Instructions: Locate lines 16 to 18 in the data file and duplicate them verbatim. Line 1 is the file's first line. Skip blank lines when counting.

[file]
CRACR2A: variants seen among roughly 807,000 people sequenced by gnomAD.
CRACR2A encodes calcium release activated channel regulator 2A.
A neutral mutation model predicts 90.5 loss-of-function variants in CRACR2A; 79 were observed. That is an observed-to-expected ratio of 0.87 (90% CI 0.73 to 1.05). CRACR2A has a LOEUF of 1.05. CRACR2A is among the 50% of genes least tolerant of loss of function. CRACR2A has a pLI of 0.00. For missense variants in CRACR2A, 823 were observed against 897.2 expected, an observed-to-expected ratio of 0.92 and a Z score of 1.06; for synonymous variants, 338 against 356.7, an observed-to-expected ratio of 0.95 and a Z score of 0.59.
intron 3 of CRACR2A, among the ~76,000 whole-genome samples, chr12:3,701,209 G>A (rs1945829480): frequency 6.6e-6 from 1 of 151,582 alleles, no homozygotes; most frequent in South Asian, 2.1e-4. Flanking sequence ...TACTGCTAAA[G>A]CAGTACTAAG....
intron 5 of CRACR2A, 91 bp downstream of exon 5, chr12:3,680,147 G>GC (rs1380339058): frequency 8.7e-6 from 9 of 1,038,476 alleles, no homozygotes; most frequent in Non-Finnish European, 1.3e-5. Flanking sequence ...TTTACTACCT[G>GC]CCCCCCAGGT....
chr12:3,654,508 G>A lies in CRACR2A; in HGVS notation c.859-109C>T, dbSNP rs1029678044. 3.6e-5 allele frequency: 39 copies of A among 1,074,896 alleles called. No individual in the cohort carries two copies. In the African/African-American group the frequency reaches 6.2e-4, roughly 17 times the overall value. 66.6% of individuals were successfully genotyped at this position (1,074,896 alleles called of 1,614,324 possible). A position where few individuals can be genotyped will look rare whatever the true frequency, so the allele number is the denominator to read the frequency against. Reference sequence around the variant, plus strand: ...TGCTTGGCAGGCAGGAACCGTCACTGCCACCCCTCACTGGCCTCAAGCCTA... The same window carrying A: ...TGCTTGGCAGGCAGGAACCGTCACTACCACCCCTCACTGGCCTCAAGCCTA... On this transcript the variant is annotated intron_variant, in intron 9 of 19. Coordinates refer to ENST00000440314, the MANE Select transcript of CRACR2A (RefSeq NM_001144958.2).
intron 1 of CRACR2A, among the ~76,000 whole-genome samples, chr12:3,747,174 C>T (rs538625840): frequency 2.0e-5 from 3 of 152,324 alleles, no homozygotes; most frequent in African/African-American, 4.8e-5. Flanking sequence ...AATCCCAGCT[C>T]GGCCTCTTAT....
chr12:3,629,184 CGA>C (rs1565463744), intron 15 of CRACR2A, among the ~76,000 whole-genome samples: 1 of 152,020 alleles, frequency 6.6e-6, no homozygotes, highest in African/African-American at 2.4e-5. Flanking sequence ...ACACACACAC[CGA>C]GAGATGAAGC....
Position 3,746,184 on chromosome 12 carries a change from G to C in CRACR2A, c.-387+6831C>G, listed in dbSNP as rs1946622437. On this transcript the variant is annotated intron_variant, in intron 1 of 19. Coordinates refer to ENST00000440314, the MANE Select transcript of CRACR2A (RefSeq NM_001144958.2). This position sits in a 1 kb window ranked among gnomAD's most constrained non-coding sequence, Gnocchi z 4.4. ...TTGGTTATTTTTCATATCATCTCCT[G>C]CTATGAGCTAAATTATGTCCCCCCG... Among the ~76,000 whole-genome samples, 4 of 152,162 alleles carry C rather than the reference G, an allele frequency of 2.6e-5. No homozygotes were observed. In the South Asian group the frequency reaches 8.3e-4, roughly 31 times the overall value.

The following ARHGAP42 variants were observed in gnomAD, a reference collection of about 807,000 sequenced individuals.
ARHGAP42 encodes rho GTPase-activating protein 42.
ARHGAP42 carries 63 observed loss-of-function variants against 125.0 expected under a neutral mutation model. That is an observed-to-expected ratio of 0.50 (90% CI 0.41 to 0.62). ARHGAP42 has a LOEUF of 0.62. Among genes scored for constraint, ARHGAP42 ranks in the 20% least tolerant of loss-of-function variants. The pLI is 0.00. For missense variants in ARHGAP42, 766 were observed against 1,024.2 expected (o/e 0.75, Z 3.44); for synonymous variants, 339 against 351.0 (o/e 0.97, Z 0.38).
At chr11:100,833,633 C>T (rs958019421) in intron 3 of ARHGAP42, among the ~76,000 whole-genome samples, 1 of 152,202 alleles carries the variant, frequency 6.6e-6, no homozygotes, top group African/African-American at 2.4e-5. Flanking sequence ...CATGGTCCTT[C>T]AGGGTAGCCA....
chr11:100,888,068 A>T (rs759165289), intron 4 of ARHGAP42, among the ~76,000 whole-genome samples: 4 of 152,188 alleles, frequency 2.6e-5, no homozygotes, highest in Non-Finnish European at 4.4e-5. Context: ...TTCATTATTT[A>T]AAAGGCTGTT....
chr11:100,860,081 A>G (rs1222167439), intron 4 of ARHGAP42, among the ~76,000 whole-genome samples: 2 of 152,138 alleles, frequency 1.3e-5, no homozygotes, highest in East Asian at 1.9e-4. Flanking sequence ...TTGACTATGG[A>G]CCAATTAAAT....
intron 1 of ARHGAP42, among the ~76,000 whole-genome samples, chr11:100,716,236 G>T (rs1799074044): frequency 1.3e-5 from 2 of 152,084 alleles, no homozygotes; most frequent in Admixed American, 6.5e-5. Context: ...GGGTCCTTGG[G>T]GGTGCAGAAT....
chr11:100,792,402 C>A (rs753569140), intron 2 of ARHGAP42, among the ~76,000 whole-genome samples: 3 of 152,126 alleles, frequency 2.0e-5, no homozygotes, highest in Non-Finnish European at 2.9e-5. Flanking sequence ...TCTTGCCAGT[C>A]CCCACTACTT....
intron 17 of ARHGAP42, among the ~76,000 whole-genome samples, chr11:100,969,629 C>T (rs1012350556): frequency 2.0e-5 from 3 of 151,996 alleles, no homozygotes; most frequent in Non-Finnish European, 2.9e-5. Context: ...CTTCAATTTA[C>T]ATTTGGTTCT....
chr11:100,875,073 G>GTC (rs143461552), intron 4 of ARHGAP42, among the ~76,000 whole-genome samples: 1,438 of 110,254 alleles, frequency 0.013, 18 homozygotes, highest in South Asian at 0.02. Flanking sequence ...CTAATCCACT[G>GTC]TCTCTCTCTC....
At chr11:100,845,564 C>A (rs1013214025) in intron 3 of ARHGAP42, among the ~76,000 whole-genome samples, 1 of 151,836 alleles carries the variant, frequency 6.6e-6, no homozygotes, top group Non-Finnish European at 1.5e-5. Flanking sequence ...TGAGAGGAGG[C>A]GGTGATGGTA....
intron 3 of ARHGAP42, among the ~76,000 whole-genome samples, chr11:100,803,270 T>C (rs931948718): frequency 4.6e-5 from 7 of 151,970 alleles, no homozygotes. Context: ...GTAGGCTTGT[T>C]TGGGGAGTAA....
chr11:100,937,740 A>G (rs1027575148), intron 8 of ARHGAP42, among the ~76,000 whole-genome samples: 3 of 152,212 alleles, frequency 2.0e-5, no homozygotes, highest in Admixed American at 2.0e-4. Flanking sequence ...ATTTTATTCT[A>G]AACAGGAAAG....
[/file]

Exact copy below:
intron 1 of ARHGAP42, among the ~76,000 whole-genome samples, chr11:100,716,236 G>T (rs1799074044): frequency 1.3e-5 from 2 of 152,084 alleles, no homozygotes; most frequent in Admixed American, 6.5e-5. Context: ...GGGTCCTTGG[G>T]GGTGCAGAAT....
chr11:100,792,402 C>A (rs753569140), intron 2 of ARHGAP42, among the ~76,000 whole-genome samples: 3 of 152,126 alleles, frequency 2.0e-5, no homozygotes, highest in Non-Finnish European at 2.9e-5. Flanking sequence ...TCTTGCCAGT[C>A]CCCACTACTT....
intron 17 of ARHGAP42, among the ~76,000 whole-genome samples, chr11:100,969,629 C>T (rs1012350556): frequency 2.0e-5 from 3 of 151,996 alleles, no homozygotes; most frequent in Non-Finnish European, 2.9e-5. Context: ...CTTCAATTTA[C>T]ATTTGGTTCT....